concerned about dumping syndrome?

Most surgeons offer free seminars and/or one-on-one consultations that teach you about your weight loss surgery options, potiential side effects like dumping syndrome and their office's specific results.

Click here to find and schedule a free in-person seminar or one-on-one consultation with a qualified weight loss surgeon in your area.

Gastric Dumping Syndrome Treatments

The most successful treatment for dumping symptom is a change in your diet…

A note about sugar

Giving up sugar can be tough to imagine. The good news is that you don't necessarily need to be entirely deprived.

There are a wide range of sugar substitutes and sugar-free products now available that can be included in your meal plan. Talk with your support program's dietitian for suggestions.

  1. Don’t eat sugars, unnecessary fat or refined carbohydrates. If you’re like many people, this may sound next to impossible, but don’t worry too much just yet. Many patients’ cravings for these foods completely change after surgery. And if the cravings don’t stop immediately, the fear of dumping can have a strong psychological impact that could cause you to lose the taste for these foods.

    If you can’t figure out the food culprit causing your dumping, keeping a good free diet journal is your best bet (by the way, a food journal is a good idea anyway for several reasons. See our Bariatric Diet page for more on this). A food journal will allow you to track and remove foods that could be causing patient dumping.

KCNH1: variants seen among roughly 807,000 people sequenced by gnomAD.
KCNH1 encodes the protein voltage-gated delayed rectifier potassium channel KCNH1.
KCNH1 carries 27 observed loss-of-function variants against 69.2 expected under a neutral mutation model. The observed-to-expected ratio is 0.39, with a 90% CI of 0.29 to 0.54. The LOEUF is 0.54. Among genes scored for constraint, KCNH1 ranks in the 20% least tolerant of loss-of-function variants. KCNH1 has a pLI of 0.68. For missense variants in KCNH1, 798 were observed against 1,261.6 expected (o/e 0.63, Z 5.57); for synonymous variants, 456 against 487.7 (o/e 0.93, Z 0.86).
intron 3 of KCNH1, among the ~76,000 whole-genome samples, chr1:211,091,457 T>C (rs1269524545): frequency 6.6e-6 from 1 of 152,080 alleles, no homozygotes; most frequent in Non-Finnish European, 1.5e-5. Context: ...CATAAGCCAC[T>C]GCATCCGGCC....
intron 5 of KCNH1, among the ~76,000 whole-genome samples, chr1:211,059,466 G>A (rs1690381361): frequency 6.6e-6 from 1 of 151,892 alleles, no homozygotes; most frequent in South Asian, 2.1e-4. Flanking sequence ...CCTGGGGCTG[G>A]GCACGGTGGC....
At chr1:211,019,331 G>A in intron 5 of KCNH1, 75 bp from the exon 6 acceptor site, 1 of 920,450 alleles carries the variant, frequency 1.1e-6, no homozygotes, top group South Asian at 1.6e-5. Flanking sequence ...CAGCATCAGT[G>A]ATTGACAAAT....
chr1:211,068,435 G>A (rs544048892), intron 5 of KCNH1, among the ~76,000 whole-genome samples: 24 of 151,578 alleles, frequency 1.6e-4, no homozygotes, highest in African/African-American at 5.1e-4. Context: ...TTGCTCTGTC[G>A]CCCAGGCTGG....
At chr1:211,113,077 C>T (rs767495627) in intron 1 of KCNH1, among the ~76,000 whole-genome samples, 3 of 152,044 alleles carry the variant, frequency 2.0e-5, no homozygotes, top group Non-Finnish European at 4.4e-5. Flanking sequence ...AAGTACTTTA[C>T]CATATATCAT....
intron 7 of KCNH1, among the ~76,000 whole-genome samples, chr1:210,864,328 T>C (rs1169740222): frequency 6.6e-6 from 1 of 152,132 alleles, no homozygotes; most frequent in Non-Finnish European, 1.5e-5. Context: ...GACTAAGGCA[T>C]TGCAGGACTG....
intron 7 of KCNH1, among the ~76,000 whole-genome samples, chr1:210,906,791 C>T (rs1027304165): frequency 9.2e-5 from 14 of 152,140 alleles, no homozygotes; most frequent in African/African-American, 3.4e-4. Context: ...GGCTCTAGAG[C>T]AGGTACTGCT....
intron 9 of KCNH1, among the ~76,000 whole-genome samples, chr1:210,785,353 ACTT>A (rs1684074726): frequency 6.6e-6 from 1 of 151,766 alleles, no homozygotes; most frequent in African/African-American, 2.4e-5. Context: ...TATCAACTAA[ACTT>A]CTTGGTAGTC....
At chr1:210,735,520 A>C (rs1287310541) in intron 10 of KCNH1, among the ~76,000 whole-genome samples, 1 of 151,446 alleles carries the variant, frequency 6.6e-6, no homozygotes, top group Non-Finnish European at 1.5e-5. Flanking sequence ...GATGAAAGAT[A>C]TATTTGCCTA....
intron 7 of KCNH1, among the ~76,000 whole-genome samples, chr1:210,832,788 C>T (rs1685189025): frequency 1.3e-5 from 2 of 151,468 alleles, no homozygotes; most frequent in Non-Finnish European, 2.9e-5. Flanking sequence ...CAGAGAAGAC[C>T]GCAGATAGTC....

Often times the natural sugars found in fruits or juices are the issue. Fruit can be okay as long as you have plenty of protein, fiber and complex carbohydrates in your diet (such as whole grains or vegetables).

    Keep in mind that fruits like apples and peaches contain pectin, which could actually prevent some of the sugar from being absorbed by your small intestine.

    Other non-fruit acidic foods can also upset your system, including eggs, yogurt and organ meat such as liver.

    Finally, try cooking your meals without the use of oils.
  1. Eat five or six smaller meals a day instead of three bigger ones. This can make digestion easier on your system and won’t “shock it” with so much at once.
  2. Don’t drink anything with your meals as this can increase the speed at which your food passes through your stomach and into your intestine. In addition to avoiding gastric dumping syndrome, avoiding liquids during and after meals will also help you reach and maintain your goal weight.

    Liquids during meals flush your food through your stomach, leave you feeling hungry and may cause you to overeat. You should not drink anything during or up to an hour after each meal.
  3. Take your vitamins. Your bariatric doctors or dietitian will most likely prescribe bariatric vitamins after surgery – don’t forget to take them as prescribed!

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  1. Lie down after eating. Gravity can pull food through your system more quickly when sitting down or standing, so lie down after eating to help your food pass through more slowly.

    Keep in mind that patients suffering from gastroesophageal reflux disease (GERD) may worsen their symptoms by lying down after eating.  If you suffer from GERD, your doctor may recommend that you wait 3 hours before lying down after a meal.

If a change in your diet and eating habits doesn’t work, you may need to resort to medications or even surgery to cure dumping syndrome. Keep your doctors informed of your symptoms so they can determine whether medication or surgery should be considered.

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[Last editorial review/modification of this page: 1/3/2011]

Disclaimer: The information contained in this web site is provided for general informational purposes only. It is not intended as nor should be relied upon as medical advice. Rather, it is designed to support, not replace, the relationship that exists between a patient/site visitor and his/her existing physician(s). Before you use any of the information provided in the site, you should seek the advice of a qualified medical, dietary, fitness or other appropriate professional. Read More